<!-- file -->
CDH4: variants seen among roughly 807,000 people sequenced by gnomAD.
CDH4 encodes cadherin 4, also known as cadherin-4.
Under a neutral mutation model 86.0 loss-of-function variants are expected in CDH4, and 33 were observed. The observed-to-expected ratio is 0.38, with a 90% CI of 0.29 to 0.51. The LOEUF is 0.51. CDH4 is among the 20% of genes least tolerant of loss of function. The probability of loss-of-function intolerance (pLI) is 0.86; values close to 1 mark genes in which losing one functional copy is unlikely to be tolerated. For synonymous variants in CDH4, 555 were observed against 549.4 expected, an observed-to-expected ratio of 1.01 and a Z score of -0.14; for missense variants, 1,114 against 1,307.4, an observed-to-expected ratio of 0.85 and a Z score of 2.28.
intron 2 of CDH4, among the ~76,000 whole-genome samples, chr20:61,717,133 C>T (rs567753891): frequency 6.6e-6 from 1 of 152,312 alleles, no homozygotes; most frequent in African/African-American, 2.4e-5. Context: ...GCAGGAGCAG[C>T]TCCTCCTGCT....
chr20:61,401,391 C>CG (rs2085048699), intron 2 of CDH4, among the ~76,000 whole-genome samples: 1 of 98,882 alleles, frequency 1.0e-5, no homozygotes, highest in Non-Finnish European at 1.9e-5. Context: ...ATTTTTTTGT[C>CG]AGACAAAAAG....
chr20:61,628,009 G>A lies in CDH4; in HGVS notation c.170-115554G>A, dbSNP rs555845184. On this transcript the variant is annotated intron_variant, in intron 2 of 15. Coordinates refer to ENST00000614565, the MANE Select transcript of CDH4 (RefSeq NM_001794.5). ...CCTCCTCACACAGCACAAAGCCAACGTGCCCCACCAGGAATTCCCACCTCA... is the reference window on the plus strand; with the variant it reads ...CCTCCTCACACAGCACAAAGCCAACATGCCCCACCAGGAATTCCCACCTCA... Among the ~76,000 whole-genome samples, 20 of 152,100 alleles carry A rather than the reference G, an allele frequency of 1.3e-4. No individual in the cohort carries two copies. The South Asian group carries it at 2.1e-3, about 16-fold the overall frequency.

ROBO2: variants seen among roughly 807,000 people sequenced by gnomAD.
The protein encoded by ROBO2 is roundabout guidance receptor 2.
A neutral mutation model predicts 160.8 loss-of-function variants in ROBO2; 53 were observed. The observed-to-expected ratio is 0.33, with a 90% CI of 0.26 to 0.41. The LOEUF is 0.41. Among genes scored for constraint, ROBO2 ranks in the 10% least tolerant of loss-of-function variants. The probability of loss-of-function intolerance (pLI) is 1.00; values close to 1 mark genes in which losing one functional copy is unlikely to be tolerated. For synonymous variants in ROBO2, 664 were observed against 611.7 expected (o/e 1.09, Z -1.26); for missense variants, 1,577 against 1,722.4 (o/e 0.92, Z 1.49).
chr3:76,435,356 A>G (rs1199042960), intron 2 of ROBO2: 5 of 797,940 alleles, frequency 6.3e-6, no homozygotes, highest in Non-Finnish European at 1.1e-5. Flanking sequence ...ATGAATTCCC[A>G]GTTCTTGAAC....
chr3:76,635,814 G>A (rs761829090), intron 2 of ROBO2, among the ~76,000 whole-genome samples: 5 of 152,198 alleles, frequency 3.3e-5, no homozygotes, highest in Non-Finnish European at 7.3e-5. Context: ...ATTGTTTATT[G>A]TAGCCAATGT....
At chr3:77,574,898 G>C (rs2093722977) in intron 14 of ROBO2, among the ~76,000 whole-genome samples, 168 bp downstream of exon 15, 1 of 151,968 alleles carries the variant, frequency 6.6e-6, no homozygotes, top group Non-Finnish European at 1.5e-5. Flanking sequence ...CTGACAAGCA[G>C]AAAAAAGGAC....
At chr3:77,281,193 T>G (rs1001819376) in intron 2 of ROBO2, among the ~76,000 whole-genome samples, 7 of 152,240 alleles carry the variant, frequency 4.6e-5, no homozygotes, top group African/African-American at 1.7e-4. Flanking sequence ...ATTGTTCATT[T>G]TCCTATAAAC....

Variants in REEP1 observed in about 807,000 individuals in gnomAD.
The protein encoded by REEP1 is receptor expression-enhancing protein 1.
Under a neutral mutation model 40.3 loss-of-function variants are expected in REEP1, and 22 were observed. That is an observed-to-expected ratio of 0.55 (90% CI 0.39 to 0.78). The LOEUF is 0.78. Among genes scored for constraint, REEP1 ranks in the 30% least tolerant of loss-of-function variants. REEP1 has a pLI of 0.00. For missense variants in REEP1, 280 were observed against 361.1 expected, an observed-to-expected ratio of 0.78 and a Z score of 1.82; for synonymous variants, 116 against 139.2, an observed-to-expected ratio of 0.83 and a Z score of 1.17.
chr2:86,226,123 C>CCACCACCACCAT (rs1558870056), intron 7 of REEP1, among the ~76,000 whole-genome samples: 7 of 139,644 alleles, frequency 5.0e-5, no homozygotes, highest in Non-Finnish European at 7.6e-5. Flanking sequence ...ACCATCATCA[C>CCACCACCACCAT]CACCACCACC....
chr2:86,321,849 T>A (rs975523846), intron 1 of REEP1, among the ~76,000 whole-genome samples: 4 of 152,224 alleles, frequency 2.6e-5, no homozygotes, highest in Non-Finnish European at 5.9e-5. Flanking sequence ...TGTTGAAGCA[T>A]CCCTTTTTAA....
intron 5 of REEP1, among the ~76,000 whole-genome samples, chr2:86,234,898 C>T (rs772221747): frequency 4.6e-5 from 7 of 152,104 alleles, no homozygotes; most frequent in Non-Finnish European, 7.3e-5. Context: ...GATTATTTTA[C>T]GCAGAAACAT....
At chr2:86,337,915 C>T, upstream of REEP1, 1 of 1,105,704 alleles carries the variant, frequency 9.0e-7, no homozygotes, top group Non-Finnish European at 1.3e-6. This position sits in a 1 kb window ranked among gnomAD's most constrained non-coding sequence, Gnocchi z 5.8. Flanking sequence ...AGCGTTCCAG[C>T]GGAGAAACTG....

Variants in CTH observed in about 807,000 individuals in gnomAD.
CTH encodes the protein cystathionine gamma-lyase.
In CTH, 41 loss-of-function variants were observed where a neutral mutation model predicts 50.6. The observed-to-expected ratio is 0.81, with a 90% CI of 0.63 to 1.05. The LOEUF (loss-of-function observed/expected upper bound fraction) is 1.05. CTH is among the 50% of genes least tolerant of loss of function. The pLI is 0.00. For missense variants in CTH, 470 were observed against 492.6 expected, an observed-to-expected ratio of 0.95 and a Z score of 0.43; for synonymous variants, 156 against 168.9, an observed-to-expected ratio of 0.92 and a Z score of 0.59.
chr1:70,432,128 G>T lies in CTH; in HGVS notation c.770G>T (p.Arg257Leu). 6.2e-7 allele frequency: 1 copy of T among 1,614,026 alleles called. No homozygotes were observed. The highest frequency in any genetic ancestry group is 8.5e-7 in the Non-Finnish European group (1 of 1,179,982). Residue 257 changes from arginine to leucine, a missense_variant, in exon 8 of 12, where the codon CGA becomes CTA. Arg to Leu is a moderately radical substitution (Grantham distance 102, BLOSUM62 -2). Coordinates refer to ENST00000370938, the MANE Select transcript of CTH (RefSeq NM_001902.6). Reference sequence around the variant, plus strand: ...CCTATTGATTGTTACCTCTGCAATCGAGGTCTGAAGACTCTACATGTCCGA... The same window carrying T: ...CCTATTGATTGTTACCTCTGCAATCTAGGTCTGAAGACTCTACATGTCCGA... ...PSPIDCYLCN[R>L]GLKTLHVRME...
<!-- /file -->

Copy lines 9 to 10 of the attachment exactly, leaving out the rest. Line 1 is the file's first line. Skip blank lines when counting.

A neutral mutation model predicts 160.8 loss-of-function variants in ROBO2; 53 were observed. The observed-to-expected ratio is 0.33, with a 90% CI of 0.26 to 0.41. The LOEUF is 0.41. Among genes scored for constraint, ROBO2 ranks in the 10% least tolerant of loss-of-function variants. The probability of loss-of-function intolerance (pLI) is 1.00; values close to 1 mark genes in which losing one functional copy is unlikely to be tolerated. For synonymous variants in ROBO2, 664 were observed against 611.7 expected (o/e 1.09, Z -1.26); for missense variants, 1,577 against 1,722.4 (o/e 0.92, Z 1.49).
chr3:76,435,356 A>G (rs1199042960), intron 2 of ROBO2: 5 of 797,940 alleles, frequency 6.3e-6, no homozygotes, highest in Non-Finnish European at 1.1e-5. Flanking sequence ...ATGAATTCCC[A>G]GTTCTTGAAC....